It’s happened to most of us. Were excited about getting access to the internet. In this case, fibre, not just ADSL, thank you very much. You proudly share your plans with friends and family who all make the appropriate noises of approbation.
You spend some time day dreaming how your going to download content, perhaps upload content too, helped by adverts from the company showing how fast there fibre is and how reliable it is, the natural evolution from ADSL, et al.You swallow the tale, hook, line and sinker. Well at least this writer did. And why not? The fact is that fibre is generally acknowledged to be faster, more reliable, less downtime, more economical over time once you have paid for the installation, special modem suited for fibre. But here’s where the rub is. Who is your ISP (Internet service Provider)? This is probably more important than the technology itself I have learnt from hard experience.
I introduce you to Web Africa, an ISP based in Cape Town. They are one of the only ones to provide fibre, through their contacted third party in my area. So, of course, I am very limited in options for a fixed fire line, hence I signed up with them and in the beginning, I was excited and eager to get started to access this awesome technology. The third party providers eventually arrive but it seems that they know quite literally less than I do about the installation of the line. I kid you not. I’m looking for someone like a goofy neighbor to jump up and say ‘punked’, got you or something like that. But no, it’s true, they don’t have a clue. After a quick rant which doesn’t seem to have much effect on them, or even on my anxiety, I look up the basics on my mobile and give instructions which they follow and many hours later, way past working hours, it’s finally sorted. I pat myself on the back. Surely after this fiasco, it’s going to be a breeze from now on. And in the beginning, it’s relatively easy, I get the modem and have access to fibre! Except, well it’s not nearly as fast as advertised and it’s not actually that reliable. What they don’t tell you is that the speeds advertised and sold are actually for ‘local’ South African’ content. Now considering that the vast majority of content will have nothing to do with Africa means that I need to upgrade. I do and the speed of course improves but the reliability is still poor. I contact web Africa to hear every excuse under the sun, there’s been a break in the line here or the third party provider is doing maintenance or mmm, that’s interesting etc. but never a clear cut solution. Long story short. Over lockdown, I decide enough enough, I’m going to cancel my contract with them but guess what. You cannot..What I hear you say, what nonsense is this? Well, when I tried to do this via their web portal, there is an error, of course there is, how convenient. So, I search and eventually found a hidden number which is their support line which gives the revolting upselling of how amazing they are and that they’re so busy and after waiting what felt like an hour but was probably 25 minutes, I drop the call. Whether this is done on purpose meaning that they are a corporate shark of which there are many, or merely totally inept, one thing is clear. Web Africa is in my opinion, totally useless, unwilling, or unable to hear your complaints and not willing to help.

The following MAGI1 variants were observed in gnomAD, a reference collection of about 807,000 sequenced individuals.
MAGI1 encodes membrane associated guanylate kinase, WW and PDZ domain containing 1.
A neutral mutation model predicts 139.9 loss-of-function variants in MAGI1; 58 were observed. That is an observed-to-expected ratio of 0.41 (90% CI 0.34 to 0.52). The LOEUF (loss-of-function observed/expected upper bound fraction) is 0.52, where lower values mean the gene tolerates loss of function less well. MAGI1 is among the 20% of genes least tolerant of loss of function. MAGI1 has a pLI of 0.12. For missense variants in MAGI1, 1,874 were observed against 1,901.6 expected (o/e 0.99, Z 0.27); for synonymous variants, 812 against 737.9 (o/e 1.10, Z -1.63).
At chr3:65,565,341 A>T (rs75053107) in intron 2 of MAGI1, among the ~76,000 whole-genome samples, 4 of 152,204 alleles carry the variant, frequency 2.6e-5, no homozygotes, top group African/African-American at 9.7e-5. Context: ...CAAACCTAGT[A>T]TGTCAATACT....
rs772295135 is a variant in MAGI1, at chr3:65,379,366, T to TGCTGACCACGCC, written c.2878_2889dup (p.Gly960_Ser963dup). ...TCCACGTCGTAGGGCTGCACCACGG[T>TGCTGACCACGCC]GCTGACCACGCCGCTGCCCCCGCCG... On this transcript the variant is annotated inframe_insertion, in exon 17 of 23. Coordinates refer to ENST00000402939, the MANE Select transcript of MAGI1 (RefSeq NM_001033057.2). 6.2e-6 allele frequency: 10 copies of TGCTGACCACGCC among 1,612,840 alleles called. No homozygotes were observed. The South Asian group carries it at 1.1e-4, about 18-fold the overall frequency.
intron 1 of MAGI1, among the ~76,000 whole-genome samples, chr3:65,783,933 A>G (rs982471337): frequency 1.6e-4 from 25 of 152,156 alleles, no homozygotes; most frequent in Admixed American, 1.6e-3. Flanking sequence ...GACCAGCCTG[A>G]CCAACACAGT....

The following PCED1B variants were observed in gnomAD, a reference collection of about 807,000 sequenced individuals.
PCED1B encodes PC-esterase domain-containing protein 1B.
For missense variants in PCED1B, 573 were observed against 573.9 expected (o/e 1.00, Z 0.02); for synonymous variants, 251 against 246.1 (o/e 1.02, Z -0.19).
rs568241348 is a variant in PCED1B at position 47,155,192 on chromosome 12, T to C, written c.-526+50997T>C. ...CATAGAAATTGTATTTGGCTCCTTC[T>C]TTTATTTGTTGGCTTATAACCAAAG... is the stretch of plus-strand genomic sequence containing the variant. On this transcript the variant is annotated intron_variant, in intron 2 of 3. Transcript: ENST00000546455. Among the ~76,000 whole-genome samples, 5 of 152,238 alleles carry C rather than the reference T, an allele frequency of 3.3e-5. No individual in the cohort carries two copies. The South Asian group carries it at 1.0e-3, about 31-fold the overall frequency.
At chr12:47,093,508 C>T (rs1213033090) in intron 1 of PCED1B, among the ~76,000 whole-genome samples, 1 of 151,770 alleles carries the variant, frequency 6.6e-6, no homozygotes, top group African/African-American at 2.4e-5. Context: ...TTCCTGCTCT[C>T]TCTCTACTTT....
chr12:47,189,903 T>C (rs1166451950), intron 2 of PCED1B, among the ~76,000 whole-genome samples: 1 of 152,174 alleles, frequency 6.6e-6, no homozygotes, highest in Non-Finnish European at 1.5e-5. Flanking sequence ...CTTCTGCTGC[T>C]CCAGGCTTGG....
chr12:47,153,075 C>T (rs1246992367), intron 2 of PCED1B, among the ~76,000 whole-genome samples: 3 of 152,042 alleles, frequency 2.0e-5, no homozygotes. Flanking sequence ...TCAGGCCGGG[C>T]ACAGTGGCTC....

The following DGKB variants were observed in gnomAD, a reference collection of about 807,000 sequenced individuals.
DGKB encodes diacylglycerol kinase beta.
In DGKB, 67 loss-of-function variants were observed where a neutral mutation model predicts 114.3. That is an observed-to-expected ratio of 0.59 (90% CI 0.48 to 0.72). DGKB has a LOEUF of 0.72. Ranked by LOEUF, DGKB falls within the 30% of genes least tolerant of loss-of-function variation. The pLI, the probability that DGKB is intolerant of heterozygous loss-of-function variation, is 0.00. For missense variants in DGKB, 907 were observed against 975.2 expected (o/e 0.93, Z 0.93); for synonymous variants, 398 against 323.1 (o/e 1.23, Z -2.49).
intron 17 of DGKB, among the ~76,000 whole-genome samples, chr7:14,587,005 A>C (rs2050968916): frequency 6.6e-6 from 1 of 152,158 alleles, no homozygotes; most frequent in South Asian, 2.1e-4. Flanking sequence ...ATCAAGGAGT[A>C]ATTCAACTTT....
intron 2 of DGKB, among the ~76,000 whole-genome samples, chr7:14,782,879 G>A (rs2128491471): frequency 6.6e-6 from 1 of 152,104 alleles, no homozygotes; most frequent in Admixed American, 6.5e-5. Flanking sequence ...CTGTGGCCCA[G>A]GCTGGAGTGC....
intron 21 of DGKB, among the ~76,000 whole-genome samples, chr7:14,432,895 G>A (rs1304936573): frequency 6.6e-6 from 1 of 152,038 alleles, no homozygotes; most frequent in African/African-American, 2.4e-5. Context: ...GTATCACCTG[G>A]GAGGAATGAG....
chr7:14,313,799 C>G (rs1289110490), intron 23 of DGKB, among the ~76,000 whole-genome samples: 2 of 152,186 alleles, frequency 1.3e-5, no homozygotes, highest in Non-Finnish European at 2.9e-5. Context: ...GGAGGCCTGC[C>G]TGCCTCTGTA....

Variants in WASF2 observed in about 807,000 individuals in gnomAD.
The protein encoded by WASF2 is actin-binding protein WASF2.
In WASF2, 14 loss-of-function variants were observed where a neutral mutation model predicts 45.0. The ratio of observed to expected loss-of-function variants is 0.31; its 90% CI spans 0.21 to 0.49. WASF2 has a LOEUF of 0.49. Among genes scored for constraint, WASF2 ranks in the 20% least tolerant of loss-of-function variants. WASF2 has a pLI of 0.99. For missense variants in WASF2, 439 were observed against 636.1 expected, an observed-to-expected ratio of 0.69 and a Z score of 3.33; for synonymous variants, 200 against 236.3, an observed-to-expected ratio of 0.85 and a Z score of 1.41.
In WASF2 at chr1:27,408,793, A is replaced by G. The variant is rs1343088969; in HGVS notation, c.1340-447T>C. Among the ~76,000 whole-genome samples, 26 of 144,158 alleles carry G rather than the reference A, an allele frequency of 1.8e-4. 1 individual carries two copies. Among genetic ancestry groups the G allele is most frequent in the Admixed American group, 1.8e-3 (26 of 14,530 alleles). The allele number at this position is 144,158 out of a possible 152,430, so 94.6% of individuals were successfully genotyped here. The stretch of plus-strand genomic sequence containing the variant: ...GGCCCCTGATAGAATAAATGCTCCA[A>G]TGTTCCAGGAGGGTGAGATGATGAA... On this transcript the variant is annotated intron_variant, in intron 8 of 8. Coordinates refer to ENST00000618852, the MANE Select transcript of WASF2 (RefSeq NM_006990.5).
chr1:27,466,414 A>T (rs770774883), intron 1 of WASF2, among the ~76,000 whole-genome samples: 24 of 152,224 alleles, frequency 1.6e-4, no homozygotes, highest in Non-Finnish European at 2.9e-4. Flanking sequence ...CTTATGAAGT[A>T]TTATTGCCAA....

- Customer service: 0/100
- Product offering:10/100
- Result, stay away from them unless there is literally no other options, including dial up.
I have come up with a few questions and things to confirm before you sign up with a new ISP for fibre or any data service
- Check what are the customer service contact options
- Is the customer service supposedly 24/7?
- Is their data package shaped, ie they limit your band with after using a certain amount of data
- Is their claim of whatever speed local or international?
- Do they have a customer service standard where by if they don’t provide the stated service ie your internet is down or not meeting the advertised speeds for a period greater than 4 hours, then you are not billed for that period pro rata
- Is the speed advertised megabytes or megabits (A big difference but uses the same acronym MB so very often misleading
- Free installation, if not, do you get any discount to offset this and if it’s supposedly free, what is the cost of the modem, if supposedly included, confirm what is the process to return it if you cancel
- What is the process to cancel your contract, what is the notice period, what penalties do they charge etc.
- Last but not least, insist that they put all of the above in writing. Should a bright spark try to say it’s in their terms and conditions, state that this can change at any time according to the T and C’s and that you need this stated in writing as per your right according to the legislation such as treating customers fairly, NCA, consumer protection act.